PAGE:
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Last Updated: Wednesday, 9 November 2005, 12:08 GMT
Texts used for Nigeria HIV drive
Text messages
Mobile phones will allow information to be sent out easily
Nine million young people in Nigeria are to be sent text messages on Wednesday to raise awareness about HIV/Aids.

The UN Children's Fund (UNICEF) is launching its Nigerian campaign because it has the third highest number of people with the disease.

Unicef is aiming to take advantage of the surge in mobile phone use in Nigeria over the last six years.

The campaign also sees footballer Nwankwo Kanu fronting a TV campaign.

We should admit that we have not done a good job of tackling HIV/Aids in this country and in this continent
Tegegnework Gettu, UN resident coordinator in Nigeria

The West Bromwich Albion player, who is from Nigeria, will pass on safe-sex advice in the clips.

More than 39 million people are living with HIV across the world.

Nigeria ranks third in the world after India and South Africa.

Every day, 1,000 Nigerians contract HIV and another 800 die of Aids and related diseases, many of them children, Unicef said.

UN agencies called for anti-retroviral drugs to be given to more pregnant women to avoid a "catastrophic" rise in infections.

There are around 140m people in Nigeria, and the fertility rate is 5.7 children per woman.

'Enormous potential for devastation'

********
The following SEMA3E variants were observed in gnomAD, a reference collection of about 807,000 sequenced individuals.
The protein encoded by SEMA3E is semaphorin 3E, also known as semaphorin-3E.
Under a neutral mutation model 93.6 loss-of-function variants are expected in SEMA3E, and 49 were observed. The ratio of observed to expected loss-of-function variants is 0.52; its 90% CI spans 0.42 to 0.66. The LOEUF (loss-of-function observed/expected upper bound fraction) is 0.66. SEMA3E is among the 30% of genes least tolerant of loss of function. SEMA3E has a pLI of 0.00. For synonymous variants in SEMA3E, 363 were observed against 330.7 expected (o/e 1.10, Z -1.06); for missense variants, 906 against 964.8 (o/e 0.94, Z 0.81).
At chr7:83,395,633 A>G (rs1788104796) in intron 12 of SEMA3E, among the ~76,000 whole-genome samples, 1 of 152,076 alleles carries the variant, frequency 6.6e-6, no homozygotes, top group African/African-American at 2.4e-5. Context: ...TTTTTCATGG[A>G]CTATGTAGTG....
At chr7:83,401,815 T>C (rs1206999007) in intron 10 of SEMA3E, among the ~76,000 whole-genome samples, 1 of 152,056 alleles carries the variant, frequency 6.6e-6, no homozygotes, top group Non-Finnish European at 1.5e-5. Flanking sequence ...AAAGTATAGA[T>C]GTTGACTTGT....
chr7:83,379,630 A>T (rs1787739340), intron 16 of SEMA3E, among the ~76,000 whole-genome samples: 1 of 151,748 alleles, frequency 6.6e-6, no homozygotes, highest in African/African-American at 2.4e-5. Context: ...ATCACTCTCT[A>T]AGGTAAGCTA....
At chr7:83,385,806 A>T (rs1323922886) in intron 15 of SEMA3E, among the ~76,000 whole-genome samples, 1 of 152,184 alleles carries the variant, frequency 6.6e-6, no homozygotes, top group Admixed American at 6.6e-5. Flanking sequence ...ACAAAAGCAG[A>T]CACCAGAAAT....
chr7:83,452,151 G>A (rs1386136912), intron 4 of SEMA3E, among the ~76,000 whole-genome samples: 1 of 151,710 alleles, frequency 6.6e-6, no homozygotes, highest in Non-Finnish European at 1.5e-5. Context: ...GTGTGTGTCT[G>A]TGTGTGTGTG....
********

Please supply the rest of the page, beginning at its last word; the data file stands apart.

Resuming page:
The current shortage of anti-retroviral drugs has meant an increasing number of children are becoming infected by their mothers at birth, experts said.

Tegegnework Gettu, UN resident coordinator in Nigeria, said: "The problem is very deep in Nigeria, it has a huge implication for the whole continent."

Ayalew Abai, head of Unicef in Nigeria, said: "With the current population growth rate, the potential devastation to this country without effective action will be enormous.

"There are already 1.8 million children orphaned by AIDS in Nigeria."

Mr Getty said there was significant funding available for HIV/Aids projects in Nigeria, but aid often got tied up in bureaucracy or used ineffectively.

He said: "We really need to get our act together.

"We should admit that we have not done a good job of tackling HIV/Aids in this country and in this continent."

Taking the Aids battle forward
16 Sep 05 |  Africa

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